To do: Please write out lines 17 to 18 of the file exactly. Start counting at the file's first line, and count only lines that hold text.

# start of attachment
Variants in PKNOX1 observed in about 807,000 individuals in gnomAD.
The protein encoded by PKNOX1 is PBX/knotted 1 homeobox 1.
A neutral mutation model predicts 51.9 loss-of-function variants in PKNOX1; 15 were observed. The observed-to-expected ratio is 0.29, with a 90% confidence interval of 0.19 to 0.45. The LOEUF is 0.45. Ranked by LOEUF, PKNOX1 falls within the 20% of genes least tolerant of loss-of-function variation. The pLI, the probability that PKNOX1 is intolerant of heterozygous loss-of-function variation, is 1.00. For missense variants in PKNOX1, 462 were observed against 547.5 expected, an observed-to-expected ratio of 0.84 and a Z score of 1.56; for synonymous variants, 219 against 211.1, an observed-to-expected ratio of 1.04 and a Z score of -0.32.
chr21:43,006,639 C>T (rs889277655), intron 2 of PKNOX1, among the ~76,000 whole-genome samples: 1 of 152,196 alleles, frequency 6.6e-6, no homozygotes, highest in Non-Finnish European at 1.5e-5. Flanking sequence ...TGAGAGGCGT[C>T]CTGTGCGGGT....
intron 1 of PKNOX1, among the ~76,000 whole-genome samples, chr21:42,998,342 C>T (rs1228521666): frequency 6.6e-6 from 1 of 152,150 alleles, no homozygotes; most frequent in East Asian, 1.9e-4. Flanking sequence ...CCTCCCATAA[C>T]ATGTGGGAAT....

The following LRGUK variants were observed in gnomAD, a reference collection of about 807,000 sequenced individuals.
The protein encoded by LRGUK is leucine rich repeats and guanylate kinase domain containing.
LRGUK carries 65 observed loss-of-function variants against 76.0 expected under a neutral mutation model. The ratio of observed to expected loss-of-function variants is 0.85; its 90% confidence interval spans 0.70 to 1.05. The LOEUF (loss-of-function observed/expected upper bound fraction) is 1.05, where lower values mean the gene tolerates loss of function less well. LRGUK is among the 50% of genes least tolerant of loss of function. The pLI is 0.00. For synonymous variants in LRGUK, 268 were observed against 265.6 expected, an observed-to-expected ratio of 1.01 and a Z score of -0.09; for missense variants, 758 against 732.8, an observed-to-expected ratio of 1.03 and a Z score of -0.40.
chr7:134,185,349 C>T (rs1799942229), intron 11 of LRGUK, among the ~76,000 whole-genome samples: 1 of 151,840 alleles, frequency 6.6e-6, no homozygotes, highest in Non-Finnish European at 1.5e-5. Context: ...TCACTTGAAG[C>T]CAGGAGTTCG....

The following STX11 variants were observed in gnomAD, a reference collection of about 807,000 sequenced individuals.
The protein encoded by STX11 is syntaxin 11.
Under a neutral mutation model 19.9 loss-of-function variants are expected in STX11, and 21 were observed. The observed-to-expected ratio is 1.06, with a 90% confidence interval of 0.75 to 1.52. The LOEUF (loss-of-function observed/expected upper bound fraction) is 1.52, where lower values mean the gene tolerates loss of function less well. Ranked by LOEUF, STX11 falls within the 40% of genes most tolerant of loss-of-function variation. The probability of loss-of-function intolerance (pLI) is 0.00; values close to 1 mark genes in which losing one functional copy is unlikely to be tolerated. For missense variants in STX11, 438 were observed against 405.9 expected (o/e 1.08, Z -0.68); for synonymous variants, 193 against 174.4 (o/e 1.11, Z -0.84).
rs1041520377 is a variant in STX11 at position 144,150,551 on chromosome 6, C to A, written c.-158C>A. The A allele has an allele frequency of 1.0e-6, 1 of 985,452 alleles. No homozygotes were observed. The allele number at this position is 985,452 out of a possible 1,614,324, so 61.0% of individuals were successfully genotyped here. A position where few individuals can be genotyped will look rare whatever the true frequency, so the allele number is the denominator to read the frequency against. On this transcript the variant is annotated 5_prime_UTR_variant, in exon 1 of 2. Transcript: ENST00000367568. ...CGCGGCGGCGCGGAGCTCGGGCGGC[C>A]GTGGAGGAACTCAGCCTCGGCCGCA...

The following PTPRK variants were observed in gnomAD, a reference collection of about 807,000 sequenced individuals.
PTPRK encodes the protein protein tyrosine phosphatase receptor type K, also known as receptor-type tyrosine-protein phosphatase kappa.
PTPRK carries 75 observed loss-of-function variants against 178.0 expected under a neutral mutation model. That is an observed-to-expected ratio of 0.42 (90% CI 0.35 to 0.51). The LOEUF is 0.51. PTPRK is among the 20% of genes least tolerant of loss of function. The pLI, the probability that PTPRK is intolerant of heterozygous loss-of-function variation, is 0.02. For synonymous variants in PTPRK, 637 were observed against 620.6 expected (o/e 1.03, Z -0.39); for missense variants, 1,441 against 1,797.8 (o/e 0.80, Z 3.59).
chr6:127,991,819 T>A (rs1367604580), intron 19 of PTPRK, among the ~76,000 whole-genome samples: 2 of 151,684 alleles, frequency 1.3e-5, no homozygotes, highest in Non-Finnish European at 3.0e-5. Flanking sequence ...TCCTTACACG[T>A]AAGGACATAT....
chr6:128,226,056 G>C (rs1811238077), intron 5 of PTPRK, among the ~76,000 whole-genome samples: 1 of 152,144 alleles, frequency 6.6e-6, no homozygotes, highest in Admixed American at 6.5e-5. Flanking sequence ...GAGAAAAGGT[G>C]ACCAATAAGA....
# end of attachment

chr6:127,991,819 T>A (rs1367604580), intron 19 of PTPRK, among the ~76,000 whole-genome samples: 2 of 151,684 alleles, frequency 1.3e-5, no homozygotes, highest in Non-Finnish European at 3.0e-5. Flanking sequence ...TCCTTACACG[T>A]AAGGACATAT....
chr6:128,226,056 G>C (rs1811238077), intron 5 of PTPRK, among the ~76,000 whole-genome samples: 1 of 152,144 alleles, frequency 6.6e-6, no homozygotes, highest in Admixed American at 6.5e-5. Flanking sequence ...GAGAAAAGGT[G>C]ACCAATAAGA....